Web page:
US Lacrosse also publishes Lacrosse Magazine monthly, with a circulation over 300,000 US Lacrosse members. Its mission is to "connect the sports community, educate players, coaches and officials, entertain fans and keep the membership of US Lacrosse informed." In addition to the print magazine, US Lacrosse maintains LaxMagazine.com, which features daily lacrosse news, information, and scores, along with original features.
Fans, players, parents, coaches and officials can all be members of US Lacrosse. US Lacrosse members receive access to a variety of programs and services, discounts on books, videos, educational materials and U.S. National Team merchandise. Additionally, all members receive Lacrosse Magazine, comprehensive lacrosse insurance, membership in their local chapter, free admission to the Lacrosse Museum and National Hall of Fame and discounts on products and services.
|First Stick Program||The First Stick Program provides equipment to start-up youth and high school lacrosse programs and additional resources to coaches.|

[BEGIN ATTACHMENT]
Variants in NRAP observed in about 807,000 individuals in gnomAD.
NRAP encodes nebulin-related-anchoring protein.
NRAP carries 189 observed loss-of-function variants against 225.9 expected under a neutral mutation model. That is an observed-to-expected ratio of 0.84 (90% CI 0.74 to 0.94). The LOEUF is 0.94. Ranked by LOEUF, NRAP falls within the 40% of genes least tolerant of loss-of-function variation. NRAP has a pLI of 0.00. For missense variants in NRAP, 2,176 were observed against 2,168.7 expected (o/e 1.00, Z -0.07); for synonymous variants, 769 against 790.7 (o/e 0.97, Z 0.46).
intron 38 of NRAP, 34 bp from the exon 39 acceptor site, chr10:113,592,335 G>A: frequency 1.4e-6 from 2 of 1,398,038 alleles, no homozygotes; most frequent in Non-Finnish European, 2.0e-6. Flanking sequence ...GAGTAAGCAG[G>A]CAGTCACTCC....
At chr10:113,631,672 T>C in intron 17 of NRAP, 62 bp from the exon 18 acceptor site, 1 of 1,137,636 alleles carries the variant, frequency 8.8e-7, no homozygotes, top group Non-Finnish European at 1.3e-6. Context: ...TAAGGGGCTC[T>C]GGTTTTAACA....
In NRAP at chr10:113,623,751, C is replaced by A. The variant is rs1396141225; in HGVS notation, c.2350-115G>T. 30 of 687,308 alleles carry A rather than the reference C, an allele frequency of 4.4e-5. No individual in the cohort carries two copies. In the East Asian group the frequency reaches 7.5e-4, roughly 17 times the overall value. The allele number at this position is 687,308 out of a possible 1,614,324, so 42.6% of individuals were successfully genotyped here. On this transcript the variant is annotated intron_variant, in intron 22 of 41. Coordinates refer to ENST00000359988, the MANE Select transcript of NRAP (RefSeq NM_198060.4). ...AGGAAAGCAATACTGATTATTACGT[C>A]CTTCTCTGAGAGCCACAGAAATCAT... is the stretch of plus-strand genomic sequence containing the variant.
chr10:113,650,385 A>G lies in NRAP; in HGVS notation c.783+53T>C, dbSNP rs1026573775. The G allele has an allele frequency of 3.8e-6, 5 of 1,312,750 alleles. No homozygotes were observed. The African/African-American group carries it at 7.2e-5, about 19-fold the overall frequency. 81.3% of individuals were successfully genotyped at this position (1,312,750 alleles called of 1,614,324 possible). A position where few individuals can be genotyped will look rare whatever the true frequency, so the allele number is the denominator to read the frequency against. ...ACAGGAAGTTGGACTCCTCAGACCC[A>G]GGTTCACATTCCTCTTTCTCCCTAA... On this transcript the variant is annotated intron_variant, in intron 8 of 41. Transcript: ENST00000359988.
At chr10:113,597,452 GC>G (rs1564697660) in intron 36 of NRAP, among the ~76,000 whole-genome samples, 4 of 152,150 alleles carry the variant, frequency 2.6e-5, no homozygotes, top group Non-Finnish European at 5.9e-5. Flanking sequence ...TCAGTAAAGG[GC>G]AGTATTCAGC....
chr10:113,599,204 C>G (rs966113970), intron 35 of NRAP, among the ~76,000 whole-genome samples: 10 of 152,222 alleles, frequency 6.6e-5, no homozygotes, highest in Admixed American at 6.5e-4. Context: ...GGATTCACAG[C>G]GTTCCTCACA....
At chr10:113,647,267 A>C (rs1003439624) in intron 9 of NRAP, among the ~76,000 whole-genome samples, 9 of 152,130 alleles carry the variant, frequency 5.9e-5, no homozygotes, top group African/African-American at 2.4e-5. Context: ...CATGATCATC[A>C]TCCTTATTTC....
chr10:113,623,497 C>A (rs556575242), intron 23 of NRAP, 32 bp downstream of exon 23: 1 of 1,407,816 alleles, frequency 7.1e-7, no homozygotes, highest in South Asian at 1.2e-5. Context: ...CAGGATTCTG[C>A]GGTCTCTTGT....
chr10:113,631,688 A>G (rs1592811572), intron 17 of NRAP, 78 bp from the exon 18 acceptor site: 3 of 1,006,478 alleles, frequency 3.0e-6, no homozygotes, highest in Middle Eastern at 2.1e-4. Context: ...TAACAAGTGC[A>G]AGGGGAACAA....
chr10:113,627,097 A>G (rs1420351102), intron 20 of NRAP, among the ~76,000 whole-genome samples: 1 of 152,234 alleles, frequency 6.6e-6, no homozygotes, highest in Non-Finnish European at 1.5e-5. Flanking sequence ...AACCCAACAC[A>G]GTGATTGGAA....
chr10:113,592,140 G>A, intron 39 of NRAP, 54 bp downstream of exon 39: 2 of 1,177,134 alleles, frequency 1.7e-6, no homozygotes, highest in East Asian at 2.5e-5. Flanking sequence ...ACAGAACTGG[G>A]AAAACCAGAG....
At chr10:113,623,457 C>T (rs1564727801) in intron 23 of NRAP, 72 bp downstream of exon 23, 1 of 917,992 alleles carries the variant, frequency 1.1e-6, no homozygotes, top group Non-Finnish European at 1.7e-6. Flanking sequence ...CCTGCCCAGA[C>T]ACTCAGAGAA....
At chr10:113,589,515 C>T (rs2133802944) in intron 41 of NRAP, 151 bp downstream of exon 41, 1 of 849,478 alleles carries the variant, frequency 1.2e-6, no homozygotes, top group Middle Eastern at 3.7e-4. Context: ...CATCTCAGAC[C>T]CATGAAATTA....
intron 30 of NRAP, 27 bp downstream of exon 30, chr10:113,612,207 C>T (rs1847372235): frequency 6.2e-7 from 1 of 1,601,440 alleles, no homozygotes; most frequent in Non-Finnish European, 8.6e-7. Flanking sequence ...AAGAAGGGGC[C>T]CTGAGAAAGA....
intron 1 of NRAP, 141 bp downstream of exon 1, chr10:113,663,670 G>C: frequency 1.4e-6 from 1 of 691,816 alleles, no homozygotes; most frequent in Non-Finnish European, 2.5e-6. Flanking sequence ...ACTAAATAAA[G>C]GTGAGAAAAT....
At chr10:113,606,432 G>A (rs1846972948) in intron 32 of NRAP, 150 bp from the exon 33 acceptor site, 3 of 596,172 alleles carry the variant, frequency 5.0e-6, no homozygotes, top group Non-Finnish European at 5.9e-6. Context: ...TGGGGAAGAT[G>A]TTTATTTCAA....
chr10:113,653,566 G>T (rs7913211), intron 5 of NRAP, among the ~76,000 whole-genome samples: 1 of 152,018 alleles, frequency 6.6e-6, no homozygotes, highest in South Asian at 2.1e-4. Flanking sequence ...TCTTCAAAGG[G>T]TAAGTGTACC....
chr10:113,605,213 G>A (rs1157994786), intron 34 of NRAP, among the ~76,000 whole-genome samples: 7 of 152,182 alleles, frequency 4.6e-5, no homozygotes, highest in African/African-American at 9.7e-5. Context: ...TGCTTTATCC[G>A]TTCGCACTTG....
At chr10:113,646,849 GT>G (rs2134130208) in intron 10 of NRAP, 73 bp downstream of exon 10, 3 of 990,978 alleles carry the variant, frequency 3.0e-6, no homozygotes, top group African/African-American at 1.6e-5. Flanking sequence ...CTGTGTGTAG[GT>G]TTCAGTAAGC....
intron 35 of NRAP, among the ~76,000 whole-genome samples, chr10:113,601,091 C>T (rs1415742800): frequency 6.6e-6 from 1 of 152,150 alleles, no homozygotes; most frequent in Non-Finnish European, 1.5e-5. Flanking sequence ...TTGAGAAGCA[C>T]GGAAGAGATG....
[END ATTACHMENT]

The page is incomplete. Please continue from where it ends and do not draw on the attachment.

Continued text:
|Soft Stick Equipment Grant||The US Lacrosse Soft Stick Lacrosse Equipment Grant provides a set of soft lacrosse equipment to schools, after-school programs and community-based youth organizations to help introduce the sport to new players.|
U.S. National Teams
The United States participates in the Federation of International Lacrosse competitions. US Lacrosse oversees all aspects of the U.S. Men's and Women's National and Under-19 Team programs.
The U.S. Men's National Team has won nine FIL World Lacrosse Championships, and won six straight World Championships from 1982 to 2002. The last World Championships were held in Commerce City, Colorado in 2014. In the Under-19 World Lacrosse Championships, the United States has won every tournament to date with a total of eight championships.